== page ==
How are you? I can’t believe the last time I was in touch was in April this year. Time flies and all of us will have our own stories of how life has unfolded during that time.
Now my ideas of what to write to you usually come from conversations with clients or friends, something I’ve read or a random thought out of the blue. This time it was different. I was in that dreamy morning state between sleep and being fully awake thinking of Joan and the words her grandson said at her funeral. They felt worthy of sharing with you.
I’ll back pedal here to let you know a bit more about Joan. Joan was one of my first clients when I started out in the world of personal training when it was in its infancy. We were both at new stages of our lives. Joan recently widowed and doing an Open University degree and me starting my own business.
Looking back I’m so happy and grateful I posted a leaflet through number 7 over 26 years ago. It was the beginning of knowing a remarkable lady and an incredible friendship.
From our first session something clicked between us. Maybe it was Joan’s enthusiasm, her enquiring mind wanting to know about the science behind the activities, her kindness or openness? It doesn’t matter really. We got on and that continued after she stopped seeing me professionally.
The fitness training sessions soon had a cuppa and conversation added at the end of them and became the norm. We found we shared a love of travel and people, talked about the pathways our lives had taken and discovered that we both had a sweet tooth. Very sweet.
Joan was always interesting and interested and time with her a joy. It also had its surprises. On a visit to London to see the studio I’d opened in Soho, we’d gone to a little Italian cafe I knew. I’d become a regular there and it was a comfortable relaxed place to sit and talk – along with desserts talking was another one of Joan’s and my favourite things! With dessert to be had Joan went to the counter and, to my surprise and despite knowing her for over ten years by then, started speaking Italian to the owner. She was an instant hit and he couldn’t do enough for her. I’m pretty certain it involved free cake.
Many people who met Joan felt the same. Whenever she went into her local ‘self service’ petrol station, the mechanics in the service garage would walk over to chat, fill her car up and check the type pressures! Joan had the ability of making people feel valued, cared for and noticed and her kindness and generosity was a thread that ran through everything she did.
Some of my fondest memories of Joan are the countryside walks that would invariably end with cake somewhere and where I found out as much about myself as I did about Joan. I will always hold them dear…and it is only with Joan that, as we ambled along a narrow country lane, a double deck bus appeared out of nowhere and the driver offered us a lift to save us walking. We took him up on his offer. Time with Joan flew by and I always left her company feeling empowered and loved.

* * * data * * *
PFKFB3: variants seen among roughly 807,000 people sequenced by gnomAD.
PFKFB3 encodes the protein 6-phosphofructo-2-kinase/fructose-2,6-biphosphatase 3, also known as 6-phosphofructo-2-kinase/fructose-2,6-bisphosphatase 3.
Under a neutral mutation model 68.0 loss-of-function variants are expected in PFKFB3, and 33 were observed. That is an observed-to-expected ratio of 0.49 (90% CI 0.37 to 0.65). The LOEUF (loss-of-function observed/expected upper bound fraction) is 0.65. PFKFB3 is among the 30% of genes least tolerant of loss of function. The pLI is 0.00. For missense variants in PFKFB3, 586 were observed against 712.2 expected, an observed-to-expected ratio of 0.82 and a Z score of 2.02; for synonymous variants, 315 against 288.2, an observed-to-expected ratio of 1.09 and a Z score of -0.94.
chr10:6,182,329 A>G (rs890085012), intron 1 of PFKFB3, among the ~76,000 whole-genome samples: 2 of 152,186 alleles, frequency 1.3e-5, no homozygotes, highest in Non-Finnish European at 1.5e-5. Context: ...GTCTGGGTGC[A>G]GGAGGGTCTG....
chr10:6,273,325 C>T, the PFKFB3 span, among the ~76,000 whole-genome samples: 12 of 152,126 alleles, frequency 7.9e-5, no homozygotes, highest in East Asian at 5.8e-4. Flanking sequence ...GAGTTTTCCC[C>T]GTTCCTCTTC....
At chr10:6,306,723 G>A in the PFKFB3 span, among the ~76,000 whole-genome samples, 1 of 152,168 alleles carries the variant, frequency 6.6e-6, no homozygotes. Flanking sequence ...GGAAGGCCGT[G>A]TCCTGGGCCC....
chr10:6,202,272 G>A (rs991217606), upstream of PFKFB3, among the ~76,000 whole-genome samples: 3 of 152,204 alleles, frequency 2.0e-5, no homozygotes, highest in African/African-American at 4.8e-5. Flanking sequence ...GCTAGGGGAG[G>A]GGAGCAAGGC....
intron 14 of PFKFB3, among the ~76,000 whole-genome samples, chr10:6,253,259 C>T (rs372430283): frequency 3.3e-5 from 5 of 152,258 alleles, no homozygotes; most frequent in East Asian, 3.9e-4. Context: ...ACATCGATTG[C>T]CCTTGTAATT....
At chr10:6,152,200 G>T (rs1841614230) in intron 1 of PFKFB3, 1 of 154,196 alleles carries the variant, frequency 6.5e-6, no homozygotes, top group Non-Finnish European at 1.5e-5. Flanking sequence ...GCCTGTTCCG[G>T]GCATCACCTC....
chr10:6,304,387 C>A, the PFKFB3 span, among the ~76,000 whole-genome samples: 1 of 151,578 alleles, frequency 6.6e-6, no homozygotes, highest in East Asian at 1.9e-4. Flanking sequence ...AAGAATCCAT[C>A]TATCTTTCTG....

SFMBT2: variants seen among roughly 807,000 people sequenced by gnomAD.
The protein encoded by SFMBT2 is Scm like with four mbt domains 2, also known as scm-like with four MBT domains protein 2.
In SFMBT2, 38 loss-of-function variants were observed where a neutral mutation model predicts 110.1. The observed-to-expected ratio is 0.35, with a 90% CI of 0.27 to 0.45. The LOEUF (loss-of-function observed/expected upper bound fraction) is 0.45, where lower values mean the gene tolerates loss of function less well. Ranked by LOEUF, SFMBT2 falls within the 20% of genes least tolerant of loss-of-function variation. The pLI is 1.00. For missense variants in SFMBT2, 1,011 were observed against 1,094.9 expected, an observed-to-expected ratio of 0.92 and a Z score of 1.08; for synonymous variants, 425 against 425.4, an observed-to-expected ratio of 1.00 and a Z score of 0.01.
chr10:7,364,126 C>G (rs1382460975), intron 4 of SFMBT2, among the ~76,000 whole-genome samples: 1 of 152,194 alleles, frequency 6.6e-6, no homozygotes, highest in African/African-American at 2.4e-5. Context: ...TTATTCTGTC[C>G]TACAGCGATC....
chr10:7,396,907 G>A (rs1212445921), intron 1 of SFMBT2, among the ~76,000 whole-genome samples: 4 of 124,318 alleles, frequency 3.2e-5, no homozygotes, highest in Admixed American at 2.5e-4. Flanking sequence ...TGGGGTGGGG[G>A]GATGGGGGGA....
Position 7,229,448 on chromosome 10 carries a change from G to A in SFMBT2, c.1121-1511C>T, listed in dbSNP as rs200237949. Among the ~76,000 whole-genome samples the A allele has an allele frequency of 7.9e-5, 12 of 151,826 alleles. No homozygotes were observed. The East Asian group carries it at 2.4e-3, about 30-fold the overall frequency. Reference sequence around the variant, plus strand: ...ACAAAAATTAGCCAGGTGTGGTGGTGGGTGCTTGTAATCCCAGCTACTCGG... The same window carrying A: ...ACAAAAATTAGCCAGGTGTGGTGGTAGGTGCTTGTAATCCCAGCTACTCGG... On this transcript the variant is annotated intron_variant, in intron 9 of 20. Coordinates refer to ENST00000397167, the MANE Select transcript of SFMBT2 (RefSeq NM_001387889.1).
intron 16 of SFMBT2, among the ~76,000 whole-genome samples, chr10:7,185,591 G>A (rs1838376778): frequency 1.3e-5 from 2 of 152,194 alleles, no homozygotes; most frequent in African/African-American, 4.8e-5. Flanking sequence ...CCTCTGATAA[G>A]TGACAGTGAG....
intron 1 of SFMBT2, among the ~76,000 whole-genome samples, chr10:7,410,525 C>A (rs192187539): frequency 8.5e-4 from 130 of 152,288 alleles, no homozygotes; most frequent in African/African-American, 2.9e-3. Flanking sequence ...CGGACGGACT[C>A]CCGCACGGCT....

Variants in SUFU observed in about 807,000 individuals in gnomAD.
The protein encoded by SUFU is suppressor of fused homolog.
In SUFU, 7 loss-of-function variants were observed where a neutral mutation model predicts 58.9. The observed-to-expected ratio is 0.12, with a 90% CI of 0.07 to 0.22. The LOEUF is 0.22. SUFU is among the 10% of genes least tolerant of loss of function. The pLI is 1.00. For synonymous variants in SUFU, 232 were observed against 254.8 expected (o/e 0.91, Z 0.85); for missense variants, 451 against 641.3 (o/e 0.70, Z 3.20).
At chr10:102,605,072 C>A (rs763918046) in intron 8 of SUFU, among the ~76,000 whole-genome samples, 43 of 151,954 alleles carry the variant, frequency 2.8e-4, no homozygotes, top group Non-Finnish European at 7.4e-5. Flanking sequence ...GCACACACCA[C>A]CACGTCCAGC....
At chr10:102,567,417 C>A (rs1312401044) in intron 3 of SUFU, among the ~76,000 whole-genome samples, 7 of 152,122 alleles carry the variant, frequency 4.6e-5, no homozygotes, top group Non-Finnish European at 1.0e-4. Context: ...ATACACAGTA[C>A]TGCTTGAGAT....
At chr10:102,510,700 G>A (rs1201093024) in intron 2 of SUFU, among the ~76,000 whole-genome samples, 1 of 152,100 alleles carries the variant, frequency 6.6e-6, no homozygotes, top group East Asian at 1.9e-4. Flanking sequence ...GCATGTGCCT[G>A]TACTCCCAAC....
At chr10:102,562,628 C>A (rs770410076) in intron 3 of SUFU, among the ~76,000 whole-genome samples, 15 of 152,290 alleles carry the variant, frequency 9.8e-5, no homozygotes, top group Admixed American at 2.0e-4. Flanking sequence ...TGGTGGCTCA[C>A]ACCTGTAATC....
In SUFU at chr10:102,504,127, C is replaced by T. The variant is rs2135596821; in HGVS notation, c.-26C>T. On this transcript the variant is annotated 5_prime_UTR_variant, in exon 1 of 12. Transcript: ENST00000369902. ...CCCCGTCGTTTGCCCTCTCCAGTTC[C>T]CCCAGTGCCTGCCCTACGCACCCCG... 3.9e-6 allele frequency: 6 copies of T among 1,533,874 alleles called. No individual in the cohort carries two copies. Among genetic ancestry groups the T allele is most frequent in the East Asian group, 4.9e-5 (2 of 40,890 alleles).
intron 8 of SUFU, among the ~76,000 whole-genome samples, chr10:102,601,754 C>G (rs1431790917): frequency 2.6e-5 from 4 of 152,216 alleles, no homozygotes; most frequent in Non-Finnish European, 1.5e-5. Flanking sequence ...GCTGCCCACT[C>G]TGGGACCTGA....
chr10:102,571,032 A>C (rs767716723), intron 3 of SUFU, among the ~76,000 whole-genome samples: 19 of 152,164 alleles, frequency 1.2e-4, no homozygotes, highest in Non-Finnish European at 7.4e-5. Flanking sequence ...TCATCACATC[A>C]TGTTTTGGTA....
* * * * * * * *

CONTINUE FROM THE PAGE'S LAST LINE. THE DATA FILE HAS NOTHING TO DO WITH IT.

After putting systems in place, such as having her groceries delivered and total self isolation for over a year to avoid the pandemic, in April this year Joan had a fall at home. One of her sons let me know. Fortunately, and unlike many others with restrictions in place to prevent the virus spreading, I visited Joan in her home and we shared our friendship with its easy conversation a couple more times before she died several weeks after her fall.
Her family asked me to speak at her funeral and share a part of Joan’s life they knew of though didn’t know much about. I’d become ‘Martin, the trainer’ and I was part of Joan’s life beyond her family and had only met one or two of them over the years. I felt humbled and privileged to talk about a lady who had made a difference to my life in so many wonderful ways. I know I am not alone.
At her funeral, as I started to speak and share my friendship of this remarkable lady, I struggled and couldn’t catch my breath. I paused and it took me several goes before the words flowed. There was so much I wanted to say.
When someone dies they aren’t lost. They are part of us and live on through us. An expression, a habit or a memory will come to mind, usually at the oddest of times. Joan gave me many of those along with some incredible snippets of wisdom that helped me and I’d like to think it was a mutual exchange.
After I sat down, one of Joan’s grandsons stood at the lectern. Along with Joan’s grandchildren’s memories of their grandmother, he told us of his grandmother’s unique gift for making each of them feel loved and worthy of being loved. How did she do it? He explained his grandmother had a simple technique and she had shared it with him.
You see Joan believed that no one could be told too many times that they are loved. Her philosophy was to tell someone you love that you love them as many times as possible each day. And then tell them again. And when they were fed up being told they were loved to tell them again. It works. I know. Thank you, Joan.
And telling someone you love that you love them is for life and not just Christmas.
I wish you a Merry Christmas and a Happy and Healthy 2022.
Till the next time…
Enjoy the day you create.